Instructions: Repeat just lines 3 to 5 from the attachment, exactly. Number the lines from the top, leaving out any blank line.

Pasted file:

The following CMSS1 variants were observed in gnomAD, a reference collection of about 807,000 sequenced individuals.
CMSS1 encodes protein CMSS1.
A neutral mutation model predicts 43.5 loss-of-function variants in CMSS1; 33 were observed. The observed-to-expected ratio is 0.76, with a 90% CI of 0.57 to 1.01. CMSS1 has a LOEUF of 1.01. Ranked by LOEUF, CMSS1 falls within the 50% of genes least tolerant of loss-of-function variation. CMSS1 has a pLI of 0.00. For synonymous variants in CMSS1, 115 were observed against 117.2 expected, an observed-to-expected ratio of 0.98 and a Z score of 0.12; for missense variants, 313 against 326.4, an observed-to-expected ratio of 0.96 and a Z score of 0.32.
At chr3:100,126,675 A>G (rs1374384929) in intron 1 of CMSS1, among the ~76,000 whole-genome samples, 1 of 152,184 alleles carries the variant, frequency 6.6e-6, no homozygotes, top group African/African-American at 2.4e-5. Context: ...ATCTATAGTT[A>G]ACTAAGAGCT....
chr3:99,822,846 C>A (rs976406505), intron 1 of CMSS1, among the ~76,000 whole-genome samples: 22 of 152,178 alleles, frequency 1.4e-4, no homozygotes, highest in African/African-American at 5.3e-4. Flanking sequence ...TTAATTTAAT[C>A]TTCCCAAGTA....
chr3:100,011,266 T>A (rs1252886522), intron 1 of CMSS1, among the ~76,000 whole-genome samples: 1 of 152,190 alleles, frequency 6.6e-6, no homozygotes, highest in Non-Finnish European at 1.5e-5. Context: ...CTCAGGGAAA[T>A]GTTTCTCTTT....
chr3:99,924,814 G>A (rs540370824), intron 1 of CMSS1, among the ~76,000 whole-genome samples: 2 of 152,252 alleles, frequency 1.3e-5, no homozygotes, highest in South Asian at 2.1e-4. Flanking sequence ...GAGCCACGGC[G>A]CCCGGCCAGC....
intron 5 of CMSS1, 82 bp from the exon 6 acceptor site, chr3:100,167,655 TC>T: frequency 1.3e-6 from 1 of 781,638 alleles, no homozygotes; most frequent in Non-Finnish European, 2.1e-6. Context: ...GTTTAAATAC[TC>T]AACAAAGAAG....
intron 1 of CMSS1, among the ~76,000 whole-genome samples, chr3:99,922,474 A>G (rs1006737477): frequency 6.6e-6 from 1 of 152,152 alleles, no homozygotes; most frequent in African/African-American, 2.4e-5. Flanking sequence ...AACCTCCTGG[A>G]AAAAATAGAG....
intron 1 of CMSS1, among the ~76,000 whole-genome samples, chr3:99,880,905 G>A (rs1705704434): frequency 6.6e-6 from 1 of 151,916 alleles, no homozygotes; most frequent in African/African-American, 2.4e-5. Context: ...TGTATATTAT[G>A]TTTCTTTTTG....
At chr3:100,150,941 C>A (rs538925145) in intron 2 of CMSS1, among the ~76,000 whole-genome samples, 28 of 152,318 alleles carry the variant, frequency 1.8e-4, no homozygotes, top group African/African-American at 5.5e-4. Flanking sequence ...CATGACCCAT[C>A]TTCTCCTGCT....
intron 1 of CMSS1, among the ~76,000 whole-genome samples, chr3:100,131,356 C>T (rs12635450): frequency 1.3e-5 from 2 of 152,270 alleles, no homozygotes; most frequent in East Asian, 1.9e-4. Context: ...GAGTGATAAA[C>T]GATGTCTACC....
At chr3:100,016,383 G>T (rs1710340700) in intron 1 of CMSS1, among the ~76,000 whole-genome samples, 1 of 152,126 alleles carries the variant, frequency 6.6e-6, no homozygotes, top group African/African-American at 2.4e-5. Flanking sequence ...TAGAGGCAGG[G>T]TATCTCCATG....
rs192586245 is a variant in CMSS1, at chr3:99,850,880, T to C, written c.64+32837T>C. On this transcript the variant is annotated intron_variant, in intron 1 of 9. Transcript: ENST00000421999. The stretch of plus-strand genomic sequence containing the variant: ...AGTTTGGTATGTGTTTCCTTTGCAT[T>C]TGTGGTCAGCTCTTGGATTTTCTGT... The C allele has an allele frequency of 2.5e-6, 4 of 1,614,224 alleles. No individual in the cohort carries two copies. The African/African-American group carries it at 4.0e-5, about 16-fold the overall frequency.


A neutral mutation model predicts 43.5 loss-of-function variants in CMSS1; 33 were observed. The observed-to-expected ratio is 0.76, with a 90% CI of 0.57 to 1.01. CMSS1 has a LOEUF of 1.01. Ranked by LOEUF, CMSS1 falls within the 50% of genes least tolerant of loss-of-function variation. CMSS1 has a pLI of 0.00. For synonymous variants in CMSS1, 115 were observed against 117.2 expected, an observed-to-expected ratio of 0.98 and a Z score of 0.12; for missense variants, 313 against 326.4, an observed-to-expected ratio of 0.96 and a Z score of 0.32.
At chr3:100,126,675 A>G (rs1374384929) in intron 1 of CMSS1, among the ~76,000 whole-genome samples, 1 of 152,184 alleles carries the variant, frequency 6.6e-6, no homozygotes, top group African/African-American at 2.4e-5. Context: ...ATCTATAGTT[A>G]ACTAAGAGCT....
chr3:99,822,846 C>A (rs976406505), intron 1 of CMSS1, among the ~76,000 whole-genome samples: 22 of 152,178 alleles, frequency 1.4e-4, no homozygotes, highest in African/African-American at 5.3e-4. Flanking sequence ...TTAATTTAAT[C>A]TTCCCAAGTA....